Tuesday, November 23, 2010

Thanksgiving: The Understated Holiday

Too cute! Rubber duckies for Thanksgiving!
If it wasn't for the food, Thanksgiving would kind of be a sad holiday. Surrounded on both sides by the more glitzy Halloween and Christmas, it stands alone as a sort of quiet day to get together with family and friends and basically eat.

When we were little, the Macy's parade on TV was the highlight of Thanksgiving Day. To get a preview of the Radio City Rockettes and Santa before we actually saw them in person was thrilling for me and my siblings. Miracle on 34th Street was always on on Thanksgiving and of course the football games. My mother in the kitchen basting the turkey, lots of mashed potatoes and gravy, pies and maybe a 'Shirley Temple' made by my father if he wasn't working that day are all childhood memories. We were always 'dressed' for the holiday even if we were just having my grandmother over. Christmas decorations didn't dare appear until the turkey was being served as leftovers.  That was then.

Let me describe more recent Thanksgivings. My children were never into the Macy'sparade. If they were even awake, I'd stand by the TV in anticipation of Santa, trying to gin up some feverish excitement and usually I'd just get the 'look.' They liked Miracle on 34th Street but once it came out on DVD watching it on Thanksgiving became less of a tradition. Football? Ugh!! 

Wilton cookie cutters for fall. 
Truthfully, I've made very few Thanksgiving dinners in my married life, My husband's parents had a beautiful home in the Poconos and more often than not we went there for the weekend. With their passing, my sister-in-law in Delaware has inherited the holiday and my married children spend it with their in-laws.

One year we had a major crisis that involved my youngest daughter. She and her friends are totally into the 'Black Friday' thing. Getting up at 3 am to stand outside Target had become her tradition and reason not to accompany us to Delaware for the day. This particular year, we accidentally let our subscription to our local paper expire. We received a frantic phone call (damn the cell phone!) during dinner: there were no circulars, no coupons, no information about early bird specials! Emergency phone calls were made and we found a friend who hadn't thrown out the paper with the giblets and was willing to part with the circulars. The times, they were a changin'.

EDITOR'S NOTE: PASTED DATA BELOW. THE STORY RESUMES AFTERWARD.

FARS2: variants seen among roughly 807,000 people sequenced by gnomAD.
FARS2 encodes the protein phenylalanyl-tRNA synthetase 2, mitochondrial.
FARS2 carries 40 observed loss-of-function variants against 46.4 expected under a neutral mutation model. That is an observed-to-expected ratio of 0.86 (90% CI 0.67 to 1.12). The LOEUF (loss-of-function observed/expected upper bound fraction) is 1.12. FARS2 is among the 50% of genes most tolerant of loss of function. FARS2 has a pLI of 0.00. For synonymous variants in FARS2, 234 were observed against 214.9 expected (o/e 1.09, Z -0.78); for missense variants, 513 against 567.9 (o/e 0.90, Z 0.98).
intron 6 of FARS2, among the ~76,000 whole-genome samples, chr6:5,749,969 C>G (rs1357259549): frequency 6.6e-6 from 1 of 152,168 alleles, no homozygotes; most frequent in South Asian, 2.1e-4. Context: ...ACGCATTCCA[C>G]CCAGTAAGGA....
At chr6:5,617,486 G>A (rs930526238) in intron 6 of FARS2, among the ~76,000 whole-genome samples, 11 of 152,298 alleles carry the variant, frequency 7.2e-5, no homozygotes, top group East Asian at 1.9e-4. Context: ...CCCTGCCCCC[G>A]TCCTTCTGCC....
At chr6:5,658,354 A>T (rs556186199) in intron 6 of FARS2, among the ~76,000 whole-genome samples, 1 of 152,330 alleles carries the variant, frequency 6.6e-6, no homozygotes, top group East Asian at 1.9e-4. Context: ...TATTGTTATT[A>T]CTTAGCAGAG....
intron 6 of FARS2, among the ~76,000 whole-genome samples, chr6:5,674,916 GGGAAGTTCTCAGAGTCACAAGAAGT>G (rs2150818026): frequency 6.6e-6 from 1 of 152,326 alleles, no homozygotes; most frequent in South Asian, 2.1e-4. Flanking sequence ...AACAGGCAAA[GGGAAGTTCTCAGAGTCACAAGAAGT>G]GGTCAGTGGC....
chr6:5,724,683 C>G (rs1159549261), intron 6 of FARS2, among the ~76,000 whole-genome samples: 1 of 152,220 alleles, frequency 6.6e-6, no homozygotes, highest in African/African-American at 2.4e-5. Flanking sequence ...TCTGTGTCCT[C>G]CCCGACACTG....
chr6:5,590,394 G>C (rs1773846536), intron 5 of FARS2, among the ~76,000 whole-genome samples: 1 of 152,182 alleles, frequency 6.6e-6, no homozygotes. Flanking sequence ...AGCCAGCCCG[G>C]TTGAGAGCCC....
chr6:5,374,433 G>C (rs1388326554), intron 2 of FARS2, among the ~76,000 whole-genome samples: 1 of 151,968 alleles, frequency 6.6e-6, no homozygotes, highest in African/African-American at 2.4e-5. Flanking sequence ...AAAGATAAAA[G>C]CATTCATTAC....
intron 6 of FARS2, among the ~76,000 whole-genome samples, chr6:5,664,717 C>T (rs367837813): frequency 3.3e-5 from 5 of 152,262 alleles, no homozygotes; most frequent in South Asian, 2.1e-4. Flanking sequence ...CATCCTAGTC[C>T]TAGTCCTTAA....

Now with grandchildren, I was trying to find something symbolic of Thanksgiving appropriate for their age. I located Wilton cookie cutters in the shapes of leaves and an acorn and I made a couple of dozen cut-out cookies decorated with royal frosting. Who doesn't love a cookie? On a recent trip out to Greenport, Long Island, I discovered tiny rubber duckies in Thanksgiving dress. A perfect gift for new grandchildren of some friends. A few neighbors actually put out those inflatable turkeys. But really, Thanksgiving is quiet and dull and maybe it should be. After all, the Christmas music is already playing, the stores have been decorated for weeks and a new batch of shopping circulars are being stuffed into newspapers as we speak. 

Enjoy the holiday, eat, take a walk and revel in the quietness. It won't last long. 

1 comment:

  1. Mom, you're holiday traditions had more effect than you think! I spent this past thanksgiving morning watching the Macy day parade with Patrick and James, psyching them up for their favorite characters (Mickey and buzz!) and waiting for the arrival of Santa at the end of the parade where, of course I got all choked up watching their excitement - they loved it and made us rewind their favorite characters over and over again! Your tradition lives on! (probably until the teenage years hit!) love you!